How to Use an Online Gantt Chart to Avoid These 5 Project Management Mistakes

As the project manager, you know that it’s your job to keep all aspects of an assigned project on track. But let’s just say it: That’s not always an easy task.

The left hand doesn’t always know what the right hand is doing. Deadlines are missed or completely forgotten. Updates and important information are miscommunicated. And before you even realize what’s happening, the whole house of cards can come tumbling down around you.

Fortunately, there are some tools and resources at your disposal that make it easier to keep an eye on your projects and prevent them from running off the rails.

Like what? Online Gantt charts are a great place to start.

What is an online Gantt chart?

A Gantt chart displays project-related tasks compared to time. On the chart, tasks are represented by horizontal bars, and the length of those bars indicates the estimated amount of time that task should require to complete.

One of the best ways to understand a Gantt chart is to actually see one. So, here’s a look at a Gantt chart that displays the tasks involved with the release of a new product:

Online_Gantt_Chart_2

The above chart was created using Wrike. While Gantt charts can be created manually using spreadsheets or other tools, it’s best to use an online Gantt chart maker.

Why does it matter? By making a Gantt chart online, you’ll have a much easier time making updates if something changes — if, say, a task runs over the deadline or the order needs to change.

When using an online Gantt chart creator, things like your timelines and even your task dependencies will shift automatically when you make a change, so you don’t have to recreate the entire chart.

Regardless of where or how you create it, your Gantt chart allows you to get a grasp on all sorts of important project information in one look, including:

  • The order that tasks need to be completed in
  • How long each task will take
  • Any overlap between tasks
  • Task dependencies (indicated with an arrow)
  • Who is responsible for each task

Put simply, a Gantt chart makes it easy to get an overview of all of the different tasks involved with your project, which means you can keep things running smoothly and avoid several common project management mistakes.

Project management mistake #1: Initiating a lackluster project kickoff

The very beginning of your project is an incredibly important time. It’s when you get all of the key players and stakeholders on the same page about expectations, task deadlines, and project goals.

According to executive leaders, a lack of clear goals is the most common reason for project failure. Additionally, inaccurate time estimates are the cause of failure in up to 28% of projects.

Needless to say, you shouldn’t overlook the importance of your kickoff for ironing out these sorts of details. Otherwise, you run the risk of building your entire project on a shaky foundation.

However, when you’re eager to roll up your sleeves and get things moving, it’s tempting to skip over this crucial step and just get people started — without confirming that everybody is operating with the same understanding of how the project will run (and why it matters).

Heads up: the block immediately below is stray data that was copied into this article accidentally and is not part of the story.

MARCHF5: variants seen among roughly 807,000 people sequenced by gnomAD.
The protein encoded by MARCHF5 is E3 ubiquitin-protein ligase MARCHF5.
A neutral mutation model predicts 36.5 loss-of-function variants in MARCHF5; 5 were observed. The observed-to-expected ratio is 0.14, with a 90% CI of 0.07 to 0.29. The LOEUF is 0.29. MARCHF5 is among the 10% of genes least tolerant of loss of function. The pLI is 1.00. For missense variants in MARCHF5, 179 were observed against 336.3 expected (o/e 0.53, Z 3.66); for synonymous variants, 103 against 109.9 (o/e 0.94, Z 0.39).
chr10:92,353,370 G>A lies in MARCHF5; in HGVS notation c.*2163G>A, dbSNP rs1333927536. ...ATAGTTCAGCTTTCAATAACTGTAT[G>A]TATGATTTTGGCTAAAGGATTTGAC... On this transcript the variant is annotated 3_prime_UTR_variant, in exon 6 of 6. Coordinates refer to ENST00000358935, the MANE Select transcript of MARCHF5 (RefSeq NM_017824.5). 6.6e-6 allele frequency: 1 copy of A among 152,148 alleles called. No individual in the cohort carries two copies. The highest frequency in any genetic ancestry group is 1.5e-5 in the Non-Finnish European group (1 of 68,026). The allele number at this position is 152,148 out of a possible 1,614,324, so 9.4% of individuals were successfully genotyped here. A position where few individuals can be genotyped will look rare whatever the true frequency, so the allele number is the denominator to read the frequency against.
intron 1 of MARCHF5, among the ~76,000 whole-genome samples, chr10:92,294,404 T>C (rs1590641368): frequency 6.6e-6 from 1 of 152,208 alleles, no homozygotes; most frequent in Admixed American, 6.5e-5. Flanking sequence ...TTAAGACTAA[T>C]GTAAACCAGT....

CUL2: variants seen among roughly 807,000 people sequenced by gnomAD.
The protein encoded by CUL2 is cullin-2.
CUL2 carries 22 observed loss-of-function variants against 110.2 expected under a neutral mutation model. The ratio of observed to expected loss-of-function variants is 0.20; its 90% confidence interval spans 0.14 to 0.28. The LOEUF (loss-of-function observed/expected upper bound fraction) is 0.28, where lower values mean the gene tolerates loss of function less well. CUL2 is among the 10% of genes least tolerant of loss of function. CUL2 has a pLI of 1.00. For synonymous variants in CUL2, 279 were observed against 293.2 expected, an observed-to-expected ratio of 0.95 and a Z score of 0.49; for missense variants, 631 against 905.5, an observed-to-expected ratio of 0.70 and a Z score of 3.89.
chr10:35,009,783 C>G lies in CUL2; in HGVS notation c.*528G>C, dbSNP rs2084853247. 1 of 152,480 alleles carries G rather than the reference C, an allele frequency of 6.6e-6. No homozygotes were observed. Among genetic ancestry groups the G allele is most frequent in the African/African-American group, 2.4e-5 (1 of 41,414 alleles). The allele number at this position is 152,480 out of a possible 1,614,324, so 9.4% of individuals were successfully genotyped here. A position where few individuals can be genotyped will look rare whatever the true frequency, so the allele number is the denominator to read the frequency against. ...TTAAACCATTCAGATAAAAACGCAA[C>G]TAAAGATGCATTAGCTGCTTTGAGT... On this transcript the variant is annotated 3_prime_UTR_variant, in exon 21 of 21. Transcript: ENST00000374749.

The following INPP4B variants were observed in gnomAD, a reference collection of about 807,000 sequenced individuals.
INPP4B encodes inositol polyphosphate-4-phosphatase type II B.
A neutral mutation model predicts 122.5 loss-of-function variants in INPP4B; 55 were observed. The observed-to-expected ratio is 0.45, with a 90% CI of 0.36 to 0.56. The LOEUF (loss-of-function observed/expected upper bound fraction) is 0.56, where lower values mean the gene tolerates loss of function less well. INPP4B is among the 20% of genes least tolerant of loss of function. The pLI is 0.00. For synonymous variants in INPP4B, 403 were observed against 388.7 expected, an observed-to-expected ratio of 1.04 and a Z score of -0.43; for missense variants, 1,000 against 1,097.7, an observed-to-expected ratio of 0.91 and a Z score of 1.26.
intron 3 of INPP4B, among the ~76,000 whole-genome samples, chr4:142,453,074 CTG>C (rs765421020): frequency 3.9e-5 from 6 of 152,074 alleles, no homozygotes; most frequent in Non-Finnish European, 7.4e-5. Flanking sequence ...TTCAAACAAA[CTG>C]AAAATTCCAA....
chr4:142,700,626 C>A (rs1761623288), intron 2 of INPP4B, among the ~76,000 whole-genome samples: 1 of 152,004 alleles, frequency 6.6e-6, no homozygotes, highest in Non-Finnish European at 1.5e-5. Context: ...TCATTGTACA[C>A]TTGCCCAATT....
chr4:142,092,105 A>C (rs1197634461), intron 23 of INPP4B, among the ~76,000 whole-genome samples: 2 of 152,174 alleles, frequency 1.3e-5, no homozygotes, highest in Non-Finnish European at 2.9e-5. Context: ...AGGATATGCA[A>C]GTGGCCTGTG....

How to avoid it with an online Gantt chart

Arguably, one of the most important pieces of your project is the timeline, as that trickles down and affects everything from your budget to your resource allocation.

While a Gantt chart isn’t quite a crystal ball, it forces you to take a step back and understand the overall schedule, the flow of various tasks, and the connection of different teams.

By mapping this out, you and all of your project players are able to get a bird’s-eye view and ensure that you’re starting with shared expectations.

Project management mistake #2: Forgetting about task dependencies

Any project contains task dependencies — meaning that a certain task can’t be started until the previous one is completed.

Failing to identify these can lead to a nonsensical order of tasks (because you don’t understand how they’re related to one another) and a lack of accountability amongst team members (because they don’t understand how their own setbacks slow the entire project down).

As if that all wasn’t bad enough, this lack of understanding and these constant delays also inspire tons of frustration and confusion amongst your team.

How to avoid it with an online Gantt chart

A Gantt chart clearly illustrates dependencies between your tasks with an arrow, but it’s also incredibly helpful when using the Critical Path Method (CPM), which requires that you understand:

  • The tasks required to complete the project
  • The dependencies between the tasks
  • The estimate of time (duration) that each task will take to complete

All of this information is displayed directly on your Gantt chart. You can use your chart to identify the critical path (which is the longest stretch of dependent activities) and not only better understand how those tasks are connected, but also which ones leave some wiggle room for inevitable delays (without extending the duration of your entire project).